As disease takes toll on citrus, more Florida farmers turning to olives


Michael O'Hara Garcia, president of the Florida Olive Council, has been researching the growth habits of a variety of olive trees in his yard in Gainesville, Fla. in an effort to specify which species grow best in Florida, shown Tuesday, October 8, 2013.

Erica Brough/The Gainesville Sun
Published: Tuesday, October 8, 2013 at 3:58 p.m.
Last Modified: Tuesday, October 8, 2013 at 3:58 p.m.

Michael O'Hara Garcia doesn't have an exact reason the olive industry is starting to spring up in Florida.

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Michael O'Hara Garcia, president of the Florida Olive Council, has been researching the growth habits of a variety of olive trees in his yard in Gainesville, Fla. in an effort to specify which species grow best in Florida, shown Tuesday, October 8, 2013.

Erica Brough/The Gainesville Sun

“That's a really good question,” the president of the Florida Olive Council said. But, he added, it might have to do with the economic necessity created by HLB disease — or citrus greening disease.

For the past eight years, HLB disease has wreaked havoc to the tune of billions of dollars in financial loss on the Sunshine State's citrus market.

Garcia said that in that time, Florida farming has taken an interest in olives.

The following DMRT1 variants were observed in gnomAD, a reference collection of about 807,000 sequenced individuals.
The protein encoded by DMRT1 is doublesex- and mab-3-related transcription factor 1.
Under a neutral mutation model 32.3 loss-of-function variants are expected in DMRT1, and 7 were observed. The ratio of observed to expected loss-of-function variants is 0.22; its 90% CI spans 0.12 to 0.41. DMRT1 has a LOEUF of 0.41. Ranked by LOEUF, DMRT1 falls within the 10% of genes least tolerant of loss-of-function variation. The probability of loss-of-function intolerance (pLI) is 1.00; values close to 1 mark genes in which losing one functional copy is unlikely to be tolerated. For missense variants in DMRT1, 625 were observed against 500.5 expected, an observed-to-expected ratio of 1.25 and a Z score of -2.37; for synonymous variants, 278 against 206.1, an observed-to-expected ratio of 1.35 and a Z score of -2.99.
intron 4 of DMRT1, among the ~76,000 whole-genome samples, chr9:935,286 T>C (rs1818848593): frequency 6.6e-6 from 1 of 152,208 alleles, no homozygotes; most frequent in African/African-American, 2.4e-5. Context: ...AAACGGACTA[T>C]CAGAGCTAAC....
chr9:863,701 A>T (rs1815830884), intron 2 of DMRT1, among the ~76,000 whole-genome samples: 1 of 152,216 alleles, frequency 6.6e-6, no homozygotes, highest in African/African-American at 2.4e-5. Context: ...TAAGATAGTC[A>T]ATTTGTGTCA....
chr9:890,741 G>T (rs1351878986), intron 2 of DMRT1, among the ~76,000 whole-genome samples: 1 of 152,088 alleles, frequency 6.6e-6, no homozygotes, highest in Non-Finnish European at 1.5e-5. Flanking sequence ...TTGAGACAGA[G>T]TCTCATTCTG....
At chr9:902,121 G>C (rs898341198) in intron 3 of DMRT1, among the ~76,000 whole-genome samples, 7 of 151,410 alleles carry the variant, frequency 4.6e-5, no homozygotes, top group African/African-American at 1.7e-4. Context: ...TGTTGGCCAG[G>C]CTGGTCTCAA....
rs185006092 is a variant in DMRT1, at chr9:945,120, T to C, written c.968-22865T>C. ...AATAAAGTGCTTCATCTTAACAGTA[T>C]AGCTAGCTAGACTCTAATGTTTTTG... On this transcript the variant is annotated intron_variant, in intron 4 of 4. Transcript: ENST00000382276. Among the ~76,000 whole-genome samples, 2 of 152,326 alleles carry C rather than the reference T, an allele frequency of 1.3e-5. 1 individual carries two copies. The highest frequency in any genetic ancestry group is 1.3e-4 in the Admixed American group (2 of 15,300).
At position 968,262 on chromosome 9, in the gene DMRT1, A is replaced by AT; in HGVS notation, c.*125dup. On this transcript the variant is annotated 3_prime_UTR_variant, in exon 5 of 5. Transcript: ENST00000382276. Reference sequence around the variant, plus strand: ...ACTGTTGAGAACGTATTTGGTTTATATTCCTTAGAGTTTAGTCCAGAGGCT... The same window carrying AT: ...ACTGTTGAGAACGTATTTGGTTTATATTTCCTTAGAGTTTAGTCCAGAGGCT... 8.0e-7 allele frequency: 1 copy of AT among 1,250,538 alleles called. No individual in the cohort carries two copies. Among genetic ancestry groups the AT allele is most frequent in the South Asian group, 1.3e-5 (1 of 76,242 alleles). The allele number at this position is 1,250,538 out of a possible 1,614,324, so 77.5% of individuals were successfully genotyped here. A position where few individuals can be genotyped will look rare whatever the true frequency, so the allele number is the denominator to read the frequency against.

Soil, climate and other conditions make areas suitable for citrus growth also accommodating for olives.

“Basically anywhere you grow citrus trees, you can grow olive trees,” he said.

The crop traditionally has come from outside the U.S., with an estimated 98 percent import rate accounting for the 85 million gallons of olive oil consumed in the country last year.

Demand for olive products is up as Americans recognize the health benefits of the Mediterranean diet, with olive oil consumption up 7 percent last year. That has opened opportunities for larger commercial operations, Garcia said.

He said he doesn't know exactly how many commercial growers there are across the state, but the amount stands at less than a dozen, with approximately 200 acres planted.

More common are people who might have a few trees, hand pick their olives and sell at farmer's markets and over the Internet. Garcia lives in Gainesville and is a backyard grower himself.

The Florida Olive Council is in a five-year project with the University of Florida Institute of Food and Agricultural Sciences to research best practices for growing olive trees.

The project includes test plots in Citra, Ocala and Live Oak, as well as on the land of private growers. The council is seeking more growing partners, and those interested can contact Garcia at Michael@FloridaOliveCouncil.org.

Business Editor Anthony Clark contributed to this report.

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